Is education the key to curbing the rise of scammy, high APY projects?

Is education the key to curbing the rise of scammy, high APY projects?

As DeFi projects offering insane returns continue to infiltrate the market, experts believe that investors need to better equip themselves to avoid such scams.

Most people who have dealt with cryptocurrencies in any capacity over the last couple of years are well aware that there are many projects out there offering eye-popping annual percentage yields (APY) these days. 

In fact, many decentralized finance (DeFi) protocols that have been built using the proof-of-stake (PoS) consensus protocol offer ridiculous returns to their investors in return for them staking their native tokens.

However, like most deals that sound too good to be true, many of these offerings are out-and-out cash grab schemes — at least that’s what the vast majority of experts claim. For example, YieldZard, a project positioning itself as a DeFi innovation-focused company with an auto-staking protocol, claims to offer a fixed APY of 918,757% to its clients. In simple terms, if one were to invest $1,000 in the project, the returns accrued would be $9,187,570, a figure that, even to the average eye, would look shady, to say the least.

YieldZard is not the first such project, with the offering being a mere imitation of Titano, an early auto-staking token offering fast and high payouts.

Are such returns actually feasible?

To get a better idea of whether these seemingly ludicrous returns are actually feasible in the long run, Cointelegraph reached out to Kia Mosayeri, product manager at Balancer Labs — a DeFi automated market-making protocol using novel self-balancing weighted pools. In his view:

“Sophisticated investors will want to look for the source of the yield, its sustainability and capacity. A yield that is driven from sound economical value, such as interest paid for borrowing capital or percentage fees paid for trading, would be rather more sustainable and scalable than yield that comes from arbitrary token emissions.”

Providing a more holistic overview of the matter, Ran Hammer, vice president of business development for public blockchain infrastructure at Orbs, told Cointelegraph that aside from the ability to facilitate decentralized financial services, DeFi protocols have introduced another major innovation to the crypto ecosystem: the ability to earn yield on what is more or less passive holding. 

He further explained that not all yields are equal by design because some yields are rooted in “real” revenue, while others are the result of high emissions based on Ponzi-like tokenomics. In this regard, when users act as lenders, stakers or liquidity providers, it is very important to understand where the yield is emanating from. For example, transaction fees in exchange for computing power, trading fees on liquidity, a premium for options or insurance and interest on loans are all “real yields.”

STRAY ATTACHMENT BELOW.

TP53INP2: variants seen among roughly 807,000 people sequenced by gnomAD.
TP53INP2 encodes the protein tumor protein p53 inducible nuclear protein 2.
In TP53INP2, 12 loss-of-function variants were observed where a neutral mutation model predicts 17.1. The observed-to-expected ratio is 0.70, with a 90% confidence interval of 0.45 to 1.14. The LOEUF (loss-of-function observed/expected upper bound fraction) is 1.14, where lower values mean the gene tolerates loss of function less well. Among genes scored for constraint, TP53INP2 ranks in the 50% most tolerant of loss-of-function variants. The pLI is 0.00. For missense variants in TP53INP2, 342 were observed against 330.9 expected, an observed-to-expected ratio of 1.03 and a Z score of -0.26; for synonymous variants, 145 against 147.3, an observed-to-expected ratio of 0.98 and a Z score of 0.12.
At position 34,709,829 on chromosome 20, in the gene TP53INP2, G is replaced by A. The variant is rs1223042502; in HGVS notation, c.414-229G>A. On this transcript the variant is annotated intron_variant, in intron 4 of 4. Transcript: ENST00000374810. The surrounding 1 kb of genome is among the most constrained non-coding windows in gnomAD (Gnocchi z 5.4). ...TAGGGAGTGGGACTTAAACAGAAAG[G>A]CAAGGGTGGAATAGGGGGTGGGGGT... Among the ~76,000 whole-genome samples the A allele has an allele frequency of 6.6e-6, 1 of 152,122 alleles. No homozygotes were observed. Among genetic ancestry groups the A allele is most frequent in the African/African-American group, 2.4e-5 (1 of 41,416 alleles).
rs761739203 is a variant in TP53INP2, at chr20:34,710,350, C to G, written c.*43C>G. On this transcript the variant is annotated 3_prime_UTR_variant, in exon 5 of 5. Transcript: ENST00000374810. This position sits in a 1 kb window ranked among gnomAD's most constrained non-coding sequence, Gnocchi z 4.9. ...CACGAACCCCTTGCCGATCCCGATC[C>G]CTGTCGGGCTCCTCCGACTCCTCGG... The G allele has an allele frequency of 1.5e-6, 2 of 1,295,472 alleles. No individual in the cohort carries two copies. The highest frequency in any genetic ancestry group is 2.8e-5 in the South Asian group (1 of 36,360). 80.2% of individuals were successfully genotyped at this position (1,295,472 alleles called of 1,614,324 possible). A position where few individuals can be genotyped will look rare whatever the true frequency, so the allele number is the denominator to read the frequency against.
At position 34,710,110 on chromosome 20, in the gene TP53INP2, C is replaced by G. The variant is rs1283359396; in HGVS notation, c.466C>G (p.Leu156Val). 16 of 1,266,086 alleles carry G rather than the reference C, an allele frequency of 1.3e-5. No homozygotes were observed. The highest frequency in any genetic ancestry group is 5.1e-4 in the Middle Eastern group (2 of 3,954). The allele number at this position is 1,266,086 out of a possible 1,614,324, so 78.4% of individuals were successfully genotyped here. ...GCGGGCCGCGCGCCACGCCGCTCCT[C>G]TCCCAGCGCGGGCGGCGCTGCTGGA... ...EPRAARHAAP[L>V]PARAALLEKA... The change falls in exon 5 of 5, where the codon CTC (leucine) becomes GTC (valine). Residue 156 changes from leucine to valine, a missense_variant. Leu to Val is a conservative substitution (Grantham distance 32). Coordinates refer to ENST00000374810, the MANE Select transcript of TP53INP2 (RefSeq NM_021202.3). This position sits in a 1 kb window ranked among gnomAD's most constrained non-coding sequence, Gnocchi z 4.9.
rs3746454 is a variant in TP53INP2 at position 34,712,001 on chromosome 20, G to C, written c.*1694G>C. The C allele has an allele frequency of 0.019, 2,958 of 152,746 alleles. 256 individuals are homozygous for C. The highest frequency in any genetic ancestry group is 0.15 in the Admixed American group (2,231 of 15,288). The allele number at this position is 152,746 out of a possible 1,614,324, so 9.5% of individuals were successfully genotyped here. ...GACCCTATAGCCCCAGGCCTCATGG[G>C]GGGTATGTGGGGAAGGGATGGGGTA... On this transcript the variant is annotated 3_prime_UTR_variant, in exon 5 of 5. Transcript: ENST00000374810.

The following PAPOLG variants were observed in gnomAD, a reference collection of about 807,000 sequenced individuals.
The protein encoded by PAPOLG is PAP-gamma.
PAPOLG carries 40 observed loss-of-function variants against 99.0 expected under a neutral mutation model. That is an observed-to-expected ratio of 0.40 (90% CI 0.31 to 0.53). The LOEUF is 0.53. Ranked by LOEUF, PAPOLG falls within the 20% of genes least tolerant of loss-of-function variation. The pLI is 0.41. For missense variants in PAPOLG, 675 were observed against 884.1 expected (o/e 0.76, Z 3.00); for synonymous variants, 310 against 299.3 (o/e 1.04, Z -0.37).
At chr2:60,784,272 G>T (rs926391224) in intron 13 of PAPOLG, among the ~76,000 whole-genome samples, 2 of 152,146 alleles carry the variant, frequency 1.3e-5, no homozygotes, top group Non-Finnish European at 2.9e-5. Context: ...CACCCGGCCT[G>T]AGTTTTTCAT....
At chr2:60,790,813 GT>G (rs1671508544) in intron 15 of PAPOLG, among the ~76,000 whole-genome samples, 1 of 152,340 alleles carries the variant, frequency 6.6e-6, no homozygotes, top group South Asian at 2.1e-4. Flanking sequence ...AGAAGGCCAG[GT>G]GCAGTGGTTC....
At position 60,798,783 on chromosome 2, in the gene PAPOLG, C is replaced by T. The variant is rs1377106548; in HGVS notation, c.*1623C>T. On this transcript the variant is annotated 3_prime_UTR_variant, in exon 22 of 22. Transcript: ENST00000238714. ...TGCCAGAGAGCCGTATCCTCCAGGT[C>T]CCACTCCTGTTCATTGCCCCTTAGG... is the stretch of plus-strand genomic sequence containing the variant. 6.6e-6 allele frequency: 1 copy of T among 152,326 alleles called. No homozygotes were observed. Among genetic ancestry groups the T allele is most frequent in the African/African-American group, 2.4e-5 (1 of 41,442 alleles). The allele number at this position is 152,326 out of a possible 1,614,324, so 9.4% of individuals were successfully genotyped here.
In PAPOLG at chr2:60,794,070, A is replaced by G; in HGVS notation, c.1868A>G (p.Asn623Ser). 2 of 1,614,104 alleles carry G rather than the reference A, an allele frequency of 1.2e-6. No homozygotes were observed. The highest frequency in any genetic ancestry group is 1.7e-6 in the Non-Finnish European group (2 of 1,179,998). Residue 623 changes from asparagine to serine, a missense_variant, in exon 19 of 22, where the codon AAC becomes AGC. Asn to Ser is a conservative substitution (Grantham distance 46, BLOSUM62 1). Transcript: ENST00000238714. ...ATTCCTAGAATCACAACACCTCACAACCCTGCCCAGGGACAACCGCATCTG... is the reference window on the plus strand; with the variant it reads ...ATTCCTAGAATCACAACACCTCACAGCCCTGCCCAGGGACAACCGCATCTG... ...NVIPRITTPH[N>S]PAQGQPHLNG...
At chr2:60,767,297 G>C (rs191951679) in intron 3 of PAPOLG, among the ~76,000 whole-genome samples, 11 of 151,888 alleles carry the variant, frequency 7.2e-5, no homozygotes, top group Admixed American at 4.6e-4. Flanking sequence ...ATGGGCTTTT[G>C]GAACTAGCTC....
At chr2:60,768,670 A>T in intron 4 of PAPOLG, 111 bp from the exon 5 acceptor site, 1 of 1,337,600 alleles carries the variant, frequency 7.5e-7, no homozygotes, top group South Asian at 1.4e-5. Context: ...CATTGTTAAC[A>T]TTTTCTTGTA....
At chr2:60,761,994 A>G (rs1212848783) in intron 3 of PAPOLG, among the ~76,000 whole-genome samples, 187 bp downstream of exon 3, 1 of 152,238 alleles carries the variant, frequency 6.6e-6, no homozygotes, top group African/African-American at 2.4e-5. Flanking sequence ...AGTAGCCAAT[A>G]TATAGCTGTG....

However, Hammer explained that most incentivized protocol rewards are funded through token inflation and may not be sustainable, as there is no real economic value funding these rewards. This is similar in concept to Ponzi schemes where an increasing amount of new purchasers are required in order to keep tokenomics valid. He added:

“Different protocols calculate emissions using different methods. It is much more important to understand where the yield originates from while taking inflation into account. Many projects are using rewards emissions in order to generate healthy holder distribution and to bootstrap what is otherwise healthy tokenomics, but with higher rates, more scrutiny should be applied.”

Echoing a similar sentiment, Lior Yaffe, co-founder and director of blockchain software firm Jelurida, told Cointelegraph that the idea behind most high yield projects is that they promise stakers high rewards by extracting very high commissions from traders on a decentralized exchange and/or constantly mint more tokens as needed to pay yields to their stakers. 

This trick, Yaffe pointed out, can work as long as there are enough fresh buyers, which really depends on the team’s marketing abilities. However, at some point, there is not enough demand for the token, so just minting more coins depletes their value quickly. “At this time, the founders usually abandon the project just to reappear with a similar token sometime in the future,” he said.

High APYs are fine, but can only go so far

Narek Gevorgyan, CEO of cryptocurrency portfolio management and DeFi wallet app CoinStats, told Cointelegraph that billions of dollars are being pilfered from investors every year, primarily because they fall prey to these kinds of high-APY traps, adding: